More Pirates

I have nearly finished writing the Portland Pirates now. The story is a little more complex as the relationships between the characters are intertwined, and Isabel my main character is heading towards that awkward age of 13. Church Ope features a lot in the story, as well as Chesil and Portland Bill. The atmosphere of Church Ope lends itself well to pirates, not to mention the intriguing graves at St Andrews. Vikings landed here in the 8th century. I've read that Portland itself was named for the Saxon pirate Porth. Pirates everywhere... if you look hard enough...

Saturday, 5 March 2011

Portland Pirates!

Writing about pirates for Book 3... Looking at the history of piracy, it fascinates me to find just how much the pirate legend owes to fiction. Even some 18th century pirates took up the profession after reading a romanticised account of the pirate lifestyle! (Rather like Heat magazine today.)Blackbeard played to his own legend, lighting tapers in his beard. Writing about pirates is referencing a whole literary genre, from the mysterious Captain Charles Johnson who wrote about Pyrates in 1724 to Treasure Island onwards. Even the movie of Peter Pan has influenced how we perceive pirates, with the invention of 'walking the plank'. Not to mention Pirates of the Caribbean! It's a challenge to come up with something different enough to be worth reading! Though of course these will be Portland Pirates which sets them apart anyway...

Sunday, 27 February 2011

Lovely to see these gentle creatures early this morning... a peaceful start to a busy Sunday. Portland Pirates is taking shape. Is there enough swashbuckling... ?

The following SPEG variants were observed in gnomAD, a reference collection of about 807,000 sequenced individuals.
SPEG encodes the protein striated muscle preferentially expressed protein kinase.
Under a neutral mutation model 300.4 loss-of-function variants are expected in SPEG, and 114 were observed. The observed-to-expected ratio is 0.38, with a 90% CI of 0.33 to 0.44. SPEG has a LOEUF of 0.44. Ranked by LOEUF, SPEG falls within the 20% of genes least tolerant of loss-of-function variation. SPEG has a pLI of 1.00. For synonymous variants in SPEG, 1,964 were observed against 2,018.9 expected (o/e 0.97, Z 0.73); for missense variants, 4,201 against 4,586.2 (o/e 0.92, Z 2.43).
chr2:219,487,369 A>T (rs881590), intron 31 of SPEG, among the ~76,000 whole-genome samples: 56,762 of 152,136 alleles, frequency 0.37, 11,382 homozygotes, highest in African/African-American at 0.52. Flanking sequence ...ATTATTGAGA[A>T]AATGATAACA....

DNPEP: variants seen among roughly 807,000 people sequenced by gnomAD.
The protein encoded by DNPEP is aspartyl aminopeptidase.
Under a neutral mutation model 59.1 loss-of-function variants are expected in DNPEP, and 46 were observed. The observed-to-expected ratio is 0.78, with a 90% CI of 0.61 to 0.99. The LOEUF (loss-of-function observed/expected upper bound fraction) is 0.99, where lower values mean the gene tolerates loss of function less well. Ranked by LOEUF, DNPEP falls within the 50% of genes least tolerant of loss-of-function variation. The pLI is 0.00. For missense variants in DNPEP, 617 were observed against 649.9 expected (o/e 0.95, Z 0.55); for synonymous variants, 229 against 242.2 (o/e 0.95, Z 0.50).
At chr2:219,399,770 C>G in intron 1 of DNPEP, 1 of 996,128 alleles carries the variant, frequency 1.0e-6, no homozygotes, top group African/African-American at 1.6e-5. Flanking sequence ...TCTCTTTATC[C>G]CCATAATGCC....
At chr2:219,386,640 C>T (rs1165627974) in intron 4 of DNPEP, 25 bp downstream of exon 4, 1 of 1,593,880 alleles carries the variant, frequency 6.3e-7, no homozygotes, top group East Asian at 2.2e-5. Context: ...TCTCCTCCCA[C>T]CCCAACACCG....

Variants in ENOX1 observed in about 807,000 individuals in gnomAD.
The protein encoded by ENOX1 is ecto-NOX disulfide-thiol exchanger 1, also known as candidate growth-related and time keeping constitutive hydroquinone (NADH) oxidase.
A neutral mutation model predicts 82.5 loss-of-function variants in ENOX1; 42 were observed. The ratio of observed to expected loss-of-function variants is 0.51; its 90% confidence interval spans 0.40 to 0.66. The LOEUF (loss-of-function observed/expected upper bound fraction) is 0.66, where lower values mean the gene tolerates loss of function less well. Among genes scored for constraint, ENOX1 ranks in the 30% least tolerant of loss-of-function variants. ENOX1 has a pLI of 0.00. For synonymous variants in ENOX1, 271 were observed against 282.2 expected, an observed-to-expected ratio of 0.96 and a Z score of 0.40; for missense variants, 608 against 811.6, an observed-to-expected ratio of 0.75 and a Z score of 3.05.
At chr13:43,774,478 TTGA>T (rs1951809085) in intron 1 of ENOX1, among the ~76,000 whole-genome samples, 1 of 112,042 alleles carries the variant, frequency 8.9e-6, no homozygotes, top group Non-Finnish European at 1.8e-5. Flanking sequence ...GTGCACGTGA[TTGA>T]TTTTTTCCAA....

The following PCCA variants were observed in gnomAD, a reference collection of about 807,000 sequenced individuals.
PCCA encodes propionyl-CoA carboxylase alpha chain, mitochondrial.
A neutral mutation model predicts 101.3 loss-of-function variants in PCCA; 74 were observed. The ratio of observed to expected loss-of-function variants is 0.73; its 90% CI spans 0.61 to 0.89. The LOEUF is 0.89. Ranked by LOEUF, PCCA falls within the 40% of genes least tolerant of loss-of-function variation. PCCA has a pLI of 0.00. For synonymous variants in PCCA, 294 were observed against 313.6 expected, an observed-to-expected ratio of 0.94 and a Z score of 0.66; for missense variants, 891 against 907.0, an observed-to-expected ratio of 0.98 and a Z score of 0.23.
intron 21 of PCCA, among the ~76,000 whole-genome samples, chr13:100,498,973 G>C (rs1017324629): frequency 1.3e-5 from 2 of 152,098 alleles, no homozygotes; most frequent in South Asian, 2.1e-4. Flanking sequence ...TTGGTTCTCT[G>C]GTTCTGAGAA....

Thursday, 24 February 2011

Church Ope Cove

I spent some time at Church Ope today, thinking about pirates! Many of the graves still standing there are worn and difficult to decipher, most of them dating from the early to mid 1700s. I was speculating at the origins of the word Ope with a friend, we believe that it's possibly a Scandinavian word originally, meaning opening or inlet, and there are several 'Ope' places on Portland. Looking across the bay from Church Ope, it's easy to see why the Vikings found this approach attractive when they visited Portland many centuries ago. I remember visiting the so called 'pirate graves' as a teenager and finding the words and images on them far more legible than now. The hourglasses on some of the stones fascinate me; an image that I don't associate with gravestones nowadays, yet clearly significant in the past, showing the inevitable passing of time, perhaps also the finite aspect of life. It's a powerful image and it shows how differently time and death were seen in the past. We also spent quite a while wondering who would have been buried in the raised stone graves marked with skull and crossbones. These stones still stand fast and look well constructed. The image of skull/crossbones that we now associate with piracy was once, like the hourglass, an image for death, so may not in fact show a pirate burial. And would a pirate warrant an expensive, respectable burial in the island graveyard? Perhaps not. These ancient graves are nonetheless intriguing and mysterious...